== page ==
Gardening This Weekend: November 28, 2019
In case you have a little time between shopping outings, let’s list things you might want to get done in your landscape and garden.
• Pansies, violas, pinks, ornamental cabbage and kale, snapdragons and other winter annual color. Plant in well-draining beds prepared with several inches of organic matter.
• Daffodils, jonquils, narcissus and grape hyacinth bulbs. Leave tulips and Dutch hyacinths chilling in the refrigerator for at least another 10 or 15 days before planting into the garden.
• Transplant established trees and shrubs that need to be moved. Hold a ball of soil intact around their roots. Replant immediately at the same depths at which they were growing originally and prune to compensate for roots lost in the digging.
• Shrubs to correct erratic growth, but save major reshaping for late winter (January).
• Lawn to remove fallen leaves. Run them through the mower to shred them. Bag them and use them as mulch or in compost pile.
• Ryegrass overseedings with high-nitrogen lawn food. Apply at half the rate recommended for turf. Water into the soil deeply.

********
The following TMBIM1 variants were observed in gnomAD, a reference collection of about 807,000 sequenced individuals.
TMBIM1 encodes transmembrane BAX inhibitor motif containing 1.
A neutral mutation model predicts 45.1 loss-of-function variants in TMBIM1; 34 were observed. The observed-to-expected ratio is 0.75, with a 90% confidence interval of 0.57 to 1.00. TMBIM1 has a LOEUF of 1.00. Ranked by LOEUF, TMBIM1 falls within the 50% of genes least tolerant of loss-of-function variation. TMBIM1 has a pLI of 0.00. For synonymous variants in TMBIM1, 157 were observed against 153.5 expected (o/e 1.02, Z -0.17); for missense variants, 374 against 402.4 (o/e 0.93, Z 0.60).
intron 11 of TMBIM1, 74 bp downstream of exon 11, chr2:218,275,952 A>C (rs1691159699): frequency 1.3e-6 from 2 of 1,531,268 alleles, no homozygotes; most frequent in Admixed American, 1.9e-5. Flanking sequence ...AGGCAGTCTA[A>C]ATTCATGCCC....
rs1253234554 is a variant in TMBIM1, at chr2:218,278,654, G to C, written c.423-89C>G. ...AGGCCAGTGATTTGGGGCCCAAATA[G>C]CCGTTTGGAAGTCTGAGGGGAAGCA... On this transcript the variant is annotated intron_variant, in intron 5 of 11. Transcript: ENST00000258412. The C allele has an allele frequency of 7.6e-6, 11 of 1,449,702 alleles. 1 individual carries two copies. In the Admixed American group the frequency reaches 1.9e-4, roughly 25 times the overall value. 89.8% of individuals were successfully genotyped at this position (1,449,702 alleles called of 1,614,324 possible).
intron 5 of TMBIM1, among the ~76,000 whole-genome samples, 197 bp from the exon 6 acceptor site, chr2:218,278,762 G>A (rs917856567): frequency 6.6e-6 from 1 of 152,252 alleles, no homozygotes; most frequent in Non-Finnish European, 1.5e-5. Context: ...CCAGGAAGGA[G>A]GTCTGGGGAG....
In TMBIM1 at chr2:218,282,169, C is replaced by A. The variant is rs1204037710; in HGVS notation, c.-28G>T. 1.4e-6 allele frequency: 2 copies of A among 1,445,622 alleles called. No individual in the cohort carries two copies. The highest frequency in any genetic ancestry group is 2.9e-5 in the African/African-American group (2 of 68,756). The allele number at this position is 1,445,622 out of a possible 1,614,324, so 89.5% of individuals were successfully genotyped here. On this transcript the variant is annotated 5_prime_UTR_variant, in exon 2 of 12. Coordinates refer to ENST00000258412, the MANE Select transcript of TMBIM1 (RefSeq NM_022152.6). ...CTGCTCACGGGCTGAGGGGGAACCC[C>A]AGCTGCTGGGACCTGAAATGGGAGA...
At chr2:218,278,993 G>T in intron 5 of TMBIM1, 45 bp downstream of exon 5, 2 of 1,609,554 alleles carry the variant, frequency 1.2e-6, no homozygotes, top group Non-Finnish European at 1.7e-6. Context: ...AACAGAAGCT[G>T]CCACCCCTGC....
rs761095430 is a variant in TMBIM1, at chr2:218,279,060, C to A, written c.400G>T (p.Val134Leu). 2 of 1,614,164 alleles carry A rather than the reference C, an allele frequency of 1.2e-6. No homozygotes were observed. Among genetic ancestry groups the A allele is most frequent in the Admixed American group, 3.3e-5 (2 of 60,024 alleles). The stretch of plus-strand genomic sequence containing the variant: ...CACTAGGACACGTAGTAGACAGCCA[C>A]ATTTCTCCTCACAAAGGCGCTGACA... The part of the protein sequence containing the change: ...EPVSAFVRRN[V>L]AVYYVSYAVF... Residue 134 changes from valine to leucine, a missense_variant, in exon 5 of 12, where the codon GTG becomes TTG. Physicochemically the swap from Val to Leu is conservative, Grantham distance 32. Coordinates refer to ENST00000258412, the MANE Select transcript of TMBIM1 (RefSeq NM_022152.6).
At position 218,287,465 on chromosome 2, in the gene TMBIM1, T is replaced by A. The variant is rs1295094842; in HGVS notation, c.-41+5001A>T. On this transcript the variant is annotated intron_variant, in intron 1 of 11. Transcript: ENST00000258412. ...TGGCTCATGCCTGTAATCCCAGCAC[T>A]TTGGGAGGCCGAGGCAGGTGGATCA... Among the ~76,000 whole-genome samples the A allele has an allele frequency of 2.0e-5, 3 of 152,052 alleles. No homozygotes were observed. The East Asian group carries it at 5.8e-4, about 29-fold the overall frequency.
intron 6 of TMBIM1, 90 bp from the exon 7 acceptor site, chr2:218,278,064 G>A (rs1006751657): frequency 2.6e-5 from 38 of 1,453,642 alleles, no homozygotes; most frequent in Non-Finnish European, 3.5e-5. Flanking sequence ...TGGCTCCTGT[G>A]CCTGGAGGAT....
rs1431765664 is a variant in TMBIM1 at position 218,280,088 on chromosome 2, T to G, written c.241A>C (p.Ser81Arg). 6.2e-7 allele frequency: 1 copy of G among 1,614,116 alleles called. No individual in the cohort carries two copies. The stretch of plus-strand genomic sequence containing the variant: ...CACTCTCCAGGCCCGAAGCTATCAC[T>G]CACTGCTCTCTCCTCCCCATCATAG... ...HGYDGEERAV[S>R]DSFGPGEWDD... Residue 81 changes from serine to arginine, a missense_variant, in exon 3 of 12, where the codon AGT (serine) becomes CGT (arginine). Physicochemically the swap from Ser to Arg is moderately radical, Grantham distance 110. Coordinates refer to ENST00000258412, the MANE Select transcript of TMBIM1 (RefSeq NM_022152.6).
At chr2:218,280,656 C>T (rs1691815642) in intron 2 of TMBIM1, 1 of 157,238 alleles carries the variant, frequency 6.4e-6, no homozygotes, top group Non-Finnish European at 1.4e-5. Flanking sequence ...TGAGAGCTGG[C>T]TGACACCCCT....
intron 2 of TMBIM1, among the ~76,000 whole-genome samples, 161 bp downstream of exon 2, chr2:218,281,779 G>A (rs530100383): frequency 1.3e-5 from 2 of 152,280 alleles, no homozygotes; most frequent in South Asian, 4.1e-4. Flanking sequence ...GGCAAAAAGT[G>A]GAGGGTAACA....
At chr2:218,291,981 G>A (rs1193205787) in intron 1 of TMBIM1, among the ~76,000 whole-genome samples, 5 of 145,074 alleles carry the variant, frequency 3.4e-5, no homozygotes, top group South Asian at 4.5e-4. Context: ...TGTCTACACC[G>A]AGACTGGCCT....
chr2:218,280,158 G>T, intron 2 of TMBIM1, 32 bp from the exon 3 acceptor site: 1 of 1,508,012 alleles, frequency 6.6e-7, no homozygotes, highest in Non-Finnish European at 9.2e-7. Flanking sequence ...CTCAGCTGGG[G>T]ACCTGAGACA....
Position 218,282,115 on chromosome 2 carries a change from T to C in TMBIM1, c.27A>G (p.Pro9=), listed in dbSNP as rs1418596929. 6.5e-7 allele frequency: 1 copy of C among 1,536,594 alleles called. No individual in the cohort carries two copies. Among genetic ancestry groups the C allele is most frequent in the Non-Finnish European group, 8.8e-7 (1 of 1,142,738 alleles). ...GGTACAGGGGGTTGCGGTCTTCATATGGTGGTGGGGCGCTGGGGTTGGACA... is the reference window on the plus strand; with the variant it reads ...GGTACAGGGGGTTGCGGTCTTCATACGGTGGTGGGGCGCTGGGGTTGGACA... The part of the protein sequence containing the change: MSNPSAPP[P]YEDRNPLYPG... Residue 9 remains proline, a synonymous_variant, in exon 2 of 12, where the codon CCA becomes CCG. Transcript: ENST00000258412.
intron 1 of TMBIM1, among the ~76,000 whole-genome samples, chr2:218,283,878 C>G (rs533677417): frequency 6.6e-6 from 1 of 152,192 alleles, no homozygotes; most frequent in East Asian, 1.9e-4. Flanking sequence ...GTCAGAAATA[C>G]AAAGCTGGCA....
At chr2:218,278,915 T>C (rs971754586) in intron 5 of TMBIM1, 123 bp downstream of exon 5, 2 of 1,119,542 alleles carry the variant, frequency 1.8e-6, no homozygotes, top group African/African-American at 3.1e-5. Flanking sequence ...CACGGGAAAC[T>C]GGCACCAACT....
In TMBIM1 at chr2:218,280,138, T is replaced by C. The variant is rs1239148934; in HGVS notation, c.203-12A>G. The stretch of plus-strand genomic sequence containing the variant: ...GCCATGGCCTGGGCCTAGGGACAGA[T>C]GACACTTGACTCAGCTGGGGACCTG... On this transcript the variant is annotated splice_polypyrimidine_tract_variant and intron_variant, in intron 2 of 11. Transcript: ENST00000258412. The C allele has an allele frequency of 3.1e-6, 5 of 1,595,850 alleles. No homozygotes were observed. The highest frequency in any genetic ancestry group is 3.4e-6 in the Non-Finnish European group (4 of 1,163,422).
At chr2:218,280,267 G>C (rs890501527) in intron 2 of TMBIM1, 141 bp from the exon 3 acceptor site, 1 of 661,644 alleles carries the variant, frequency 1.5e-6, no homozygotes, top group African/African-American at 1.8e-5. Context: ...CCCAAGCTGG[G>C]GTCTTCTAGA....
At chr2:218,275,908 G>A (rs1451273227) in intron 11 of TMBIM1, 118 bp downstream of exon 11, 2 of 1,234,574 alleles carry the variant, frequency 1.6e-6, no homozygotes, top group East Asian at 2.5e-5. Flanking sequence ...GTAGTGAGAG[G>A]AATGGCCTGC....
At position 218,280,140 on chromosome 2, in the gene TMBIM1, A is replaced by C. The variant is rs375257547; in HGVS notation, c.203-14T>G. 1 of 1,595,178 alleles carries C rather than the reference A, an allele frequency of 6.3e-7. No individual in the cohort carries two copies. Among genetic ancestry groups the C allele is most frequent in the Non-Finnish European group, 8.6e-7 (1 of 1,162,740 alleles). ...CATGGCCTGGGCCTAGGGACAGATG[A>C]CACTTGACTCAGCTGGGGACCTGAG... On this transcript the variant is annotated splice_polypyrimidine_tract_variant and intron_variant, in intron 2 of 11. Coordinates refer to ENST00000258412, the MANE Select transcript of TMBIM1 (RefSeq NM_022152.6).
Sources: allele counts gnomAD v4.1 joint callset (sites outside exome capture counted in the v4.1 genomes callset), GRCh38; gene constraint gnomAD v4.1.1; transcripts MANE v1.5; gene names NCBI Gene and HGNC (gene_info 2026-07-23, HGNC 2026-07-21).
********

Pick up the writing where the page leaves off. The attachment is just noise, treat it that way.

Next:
• Pansies and other winter color plants with water-soluble, high-nitrogen food each time that you water them.
• Compost pile with one cup of ammonium sulfate per cubic yard of compost each time that you turn and blend it (approximately monthly).
ON THE LOOKOUT
• Aphids congregating on tender new growth can be knocked off with hard stream of water.
• Broadleafed weeds in turf, including dandelions, clover, henbit and chickweed. Apply herbicide containing 2,4-D soon, before temperatures start to drop dramatically. Read and follow label directions carefully.
• Mistletoe should be removed from tree branches as soon as you see it, preferably while it is still young.
• Remove rose bushes (roots and all) that are infested with rose rosette virus. See details I have left archived on my website.